May 23, 2013
European Space Agency Opens Center To Watch For Near-Earth Objects
April Flowers for redOrbit.com - Your Universe Online
Strengthening Europe´s contribution to the global hunt for asteroids and other natural objects that may strike Earth, the European Space Agency (ESA) inaugurated the NEO Coordination Center this week.
Asteroids or comets — ranging in size from meters to tens of kilometers — that orbit the Sun and whose orbits come close to that of Earth are known as Near-Earth Objects, or NEOs. Over 600,000 asteroids are currently identified in our Solar System, and nearly 10,000 of those are NEOs.
On February 15th of this year, we received dramatic proof that some of these NEOs can strike Earth when an unknown object thought to be 55 -65 feet in diameter exploded above Chelyabinsk, Russia. The explosion had 20-30 times the energy of the Hiroshima atomic bomb, with a resulting shockwave that caused widespread damage and injuries. This NEO was the largest known natural object to have entered the atmosphere since the 1908 Tunguska event.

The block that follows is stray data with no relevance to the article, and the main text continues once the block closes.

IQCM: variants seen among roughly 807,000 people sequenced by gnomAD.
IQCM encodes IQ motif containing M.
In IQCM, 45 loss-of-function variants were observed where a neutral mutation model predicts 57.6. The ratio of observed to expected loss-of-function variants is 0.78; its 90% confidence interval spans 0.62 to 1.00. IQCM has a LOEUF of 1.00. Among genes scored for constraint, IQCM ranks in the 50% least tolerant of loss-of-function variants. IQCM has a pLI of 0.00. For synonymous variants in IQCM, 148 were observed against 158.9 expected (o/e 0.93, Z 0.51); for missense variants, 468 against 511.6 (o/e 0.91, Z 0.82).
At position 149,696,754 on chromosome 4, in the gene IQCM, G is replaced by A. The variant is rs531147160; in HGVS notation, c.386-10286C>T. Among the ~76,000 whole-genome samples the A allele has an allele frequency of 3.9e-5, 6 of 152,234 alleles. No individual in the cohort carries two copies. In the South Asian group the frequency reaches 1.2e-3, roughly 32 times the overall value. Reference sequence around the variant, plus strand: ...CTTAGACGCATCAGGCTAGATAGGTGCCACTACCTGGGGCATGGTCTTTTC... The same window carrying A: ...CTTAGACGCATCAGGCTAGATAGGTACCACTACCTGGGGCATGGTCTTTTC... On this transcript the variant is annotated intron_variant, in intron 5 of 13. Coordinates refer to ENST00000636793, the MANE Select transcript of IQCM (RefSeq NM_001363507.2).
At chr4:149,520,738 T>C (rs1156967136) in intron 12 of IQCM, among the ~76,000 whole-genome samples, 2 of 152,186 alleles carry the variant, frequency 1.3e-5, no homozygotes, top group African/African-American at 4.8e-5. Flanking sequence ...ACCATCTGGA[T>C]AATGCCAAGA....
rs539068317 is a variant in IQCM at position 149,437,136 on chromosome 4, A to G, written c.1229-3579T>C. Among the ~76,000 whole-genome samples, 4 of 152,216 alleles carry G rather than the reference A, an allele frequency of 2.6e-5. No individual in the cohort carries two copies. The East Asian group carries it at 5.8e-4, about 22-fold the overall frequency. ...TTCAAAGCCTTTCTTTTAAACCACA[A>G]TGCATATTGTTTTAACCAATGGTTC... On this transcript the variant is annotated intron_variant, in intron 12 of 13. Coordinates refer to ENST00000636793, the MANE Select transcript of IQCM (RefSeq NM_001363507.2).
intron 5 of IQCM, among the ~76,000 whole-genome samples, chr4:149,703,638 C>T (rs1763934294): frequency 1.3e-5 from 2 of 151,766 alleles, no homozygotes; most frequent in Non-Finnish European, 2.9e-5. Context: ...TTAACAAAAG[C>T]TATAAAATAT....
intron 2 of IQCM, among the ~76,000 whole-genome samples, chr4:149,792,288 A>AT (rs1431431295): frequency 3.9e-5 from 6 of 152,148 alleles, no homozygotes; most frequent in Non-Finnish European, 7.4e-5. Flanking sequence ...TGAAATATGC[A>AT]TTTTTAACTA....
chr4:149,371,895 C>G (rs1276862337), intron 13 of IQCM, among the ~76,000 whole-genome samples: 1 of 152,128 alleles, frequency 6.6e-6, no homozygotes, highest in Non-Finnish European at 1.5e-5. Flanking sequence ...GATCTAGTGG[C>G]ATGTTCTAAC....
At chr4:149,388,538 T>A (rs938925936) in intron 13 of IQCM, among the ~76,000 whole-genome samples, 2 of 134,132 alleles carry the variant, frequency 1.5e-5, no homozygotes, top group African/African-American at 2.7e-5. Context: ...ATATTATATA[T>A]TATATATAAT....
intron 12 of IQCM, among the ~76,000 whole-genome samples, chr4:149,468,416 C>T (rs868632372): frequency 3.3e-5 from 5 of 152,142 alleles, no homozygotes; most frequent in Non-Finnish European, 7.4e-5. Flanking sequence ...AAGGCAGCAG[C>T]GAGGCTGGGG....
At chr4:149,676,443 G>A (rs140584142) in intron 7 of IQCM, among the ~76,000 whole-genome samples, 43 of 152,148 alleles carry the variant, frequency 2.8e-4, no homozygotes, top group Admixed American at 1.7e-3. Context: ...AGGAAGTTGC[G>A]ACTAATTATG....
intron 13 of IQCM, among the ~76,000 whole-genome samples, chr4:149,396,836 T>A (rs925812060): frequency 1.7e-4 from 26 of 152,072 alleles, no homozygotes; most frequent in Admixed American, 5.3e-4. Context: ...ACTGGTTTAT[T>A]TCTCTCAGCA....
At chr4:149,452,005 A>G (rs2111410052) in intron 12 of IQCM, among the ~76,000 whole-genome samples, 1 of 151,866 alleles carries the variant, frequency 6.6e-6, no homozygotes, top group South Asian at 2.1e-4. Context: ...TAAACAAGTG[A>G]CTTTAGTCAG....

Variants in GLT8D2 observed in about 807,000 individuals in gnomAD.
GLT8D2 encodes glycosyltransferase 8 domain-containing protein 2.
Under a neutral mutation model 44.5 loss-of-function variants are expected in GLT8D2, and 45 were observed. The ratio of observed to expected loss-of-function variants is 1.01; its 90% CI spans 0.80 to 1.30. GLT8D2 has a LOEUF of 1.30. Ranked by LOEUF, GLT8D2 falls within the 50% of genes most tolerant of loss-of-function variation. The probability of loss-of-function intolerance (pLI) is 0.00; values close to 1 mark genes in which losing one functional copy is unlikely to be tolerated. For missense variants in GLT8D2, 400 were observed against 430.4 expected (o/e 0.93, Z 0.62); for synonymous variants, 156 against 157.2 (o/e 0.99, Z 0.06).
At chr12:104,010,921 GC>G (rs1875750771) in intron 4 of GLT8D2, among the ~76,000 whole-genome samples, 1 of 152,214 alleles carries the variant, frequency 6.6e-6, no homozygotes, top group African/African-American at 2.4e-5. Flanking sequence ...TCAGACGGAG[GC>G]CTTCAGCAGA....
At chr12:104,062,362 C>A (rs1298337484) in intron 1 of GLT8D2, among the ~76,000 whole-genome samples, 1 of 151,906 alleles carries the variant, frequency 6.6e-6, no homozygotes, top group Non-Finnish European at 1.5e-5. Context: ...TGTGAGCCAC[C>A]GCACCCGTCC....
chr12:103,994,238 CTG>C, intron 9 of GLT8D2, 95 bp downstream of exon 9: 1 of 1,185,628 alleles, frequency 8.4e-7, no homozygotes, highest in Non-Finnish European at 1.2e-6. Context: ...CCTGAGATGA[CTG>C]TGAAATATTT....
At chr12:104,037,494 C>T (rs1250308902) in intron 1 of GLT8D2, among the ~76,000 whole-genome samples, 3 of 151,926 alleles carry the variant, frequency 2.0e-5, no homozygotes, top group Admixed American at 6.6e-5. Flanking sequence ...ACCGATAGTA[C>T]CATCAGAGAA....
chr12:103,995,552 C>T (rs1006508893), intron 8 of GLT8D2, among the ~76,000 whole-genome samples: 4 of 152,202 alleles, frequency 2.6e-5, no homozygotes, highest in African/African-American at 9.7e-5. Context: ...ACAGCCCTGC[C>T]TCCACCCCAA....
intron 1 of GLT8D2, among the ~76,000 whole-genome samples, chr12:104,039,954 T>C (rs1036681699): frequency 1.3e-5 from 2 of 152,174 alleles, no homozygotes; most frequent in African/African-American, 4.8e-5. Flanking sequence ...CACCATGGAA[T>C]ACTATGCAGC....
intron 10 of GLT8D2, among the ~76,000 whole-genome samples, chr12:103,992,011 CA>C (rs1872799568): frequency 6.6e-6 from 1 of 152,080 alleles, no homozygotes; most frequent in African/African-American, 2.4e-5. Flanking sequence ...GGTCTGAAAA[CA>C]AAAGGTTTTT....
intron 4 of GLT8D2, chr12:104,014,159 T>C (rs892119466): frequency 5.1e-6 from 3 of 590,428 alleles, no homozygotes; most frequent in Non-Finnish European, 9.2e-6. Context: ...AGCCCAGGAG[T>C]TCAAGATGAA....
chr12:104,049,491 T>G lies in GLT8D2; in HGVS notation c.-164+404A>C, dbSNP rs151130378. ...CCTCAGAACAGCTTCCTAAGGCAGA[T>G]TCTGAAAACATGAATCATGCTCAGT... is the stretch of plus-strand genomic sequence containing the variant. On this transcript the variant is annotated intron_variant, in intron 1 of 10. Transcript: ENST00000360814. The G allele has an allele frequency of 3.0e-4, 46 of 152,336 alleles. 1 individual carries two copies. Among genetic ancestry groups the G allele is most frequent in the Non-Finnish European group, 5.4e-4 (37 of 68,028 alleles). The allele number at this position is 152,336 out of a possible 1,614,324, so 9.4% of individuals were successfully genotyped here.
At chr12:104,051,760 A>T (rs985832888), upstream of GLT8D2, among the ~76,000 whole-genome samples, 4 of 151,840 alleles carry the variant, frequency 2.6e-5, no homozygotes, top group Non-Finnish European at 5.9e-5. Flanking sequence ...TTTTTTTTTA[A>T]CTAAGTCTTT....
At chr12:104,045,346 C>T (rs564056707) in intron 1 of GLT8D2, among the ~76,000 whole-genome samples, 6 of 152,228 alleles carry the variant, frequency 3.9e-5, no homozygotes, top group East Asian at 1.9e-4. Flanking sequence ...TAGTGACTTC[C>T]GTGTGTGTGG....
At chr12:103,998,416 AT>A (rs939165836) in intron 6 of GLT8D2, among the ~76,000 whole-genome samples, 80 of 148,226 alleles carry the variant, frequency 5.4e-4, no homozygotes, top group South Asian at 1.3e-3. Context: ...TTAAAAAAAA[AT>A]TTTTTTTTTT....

A network of European NEO data sources and information providers being established under ESA´s Space Situational Awareness (SSA) Program will use the NEO Coordination Center as a center access point. The SSA also opened the Space Weather Coordination Center in Brussels last month.
Thomas Reiter, Director of Human Spaceflight and Operations, joined with Augusto Cramarossa, Italian Delegate to the ESA Council, and Claudio Portelli, Italian Delegate to the SSA Program, both of ASI, the Italian space agency to formally inaugurate the Center, which is located at ESRIN, ESA´s center for Earth observation.
The center will federate new and existing European assists, systems and sensors to create a future NEO system, which will support the integration and initial operation of ESA´s NEO information distribution network.
The Center will also serve as a focus point for scientific studies aimed at improving NEO warning services and providing near-realtime data to customers, including scientific bodies, international organizations and decision-makers.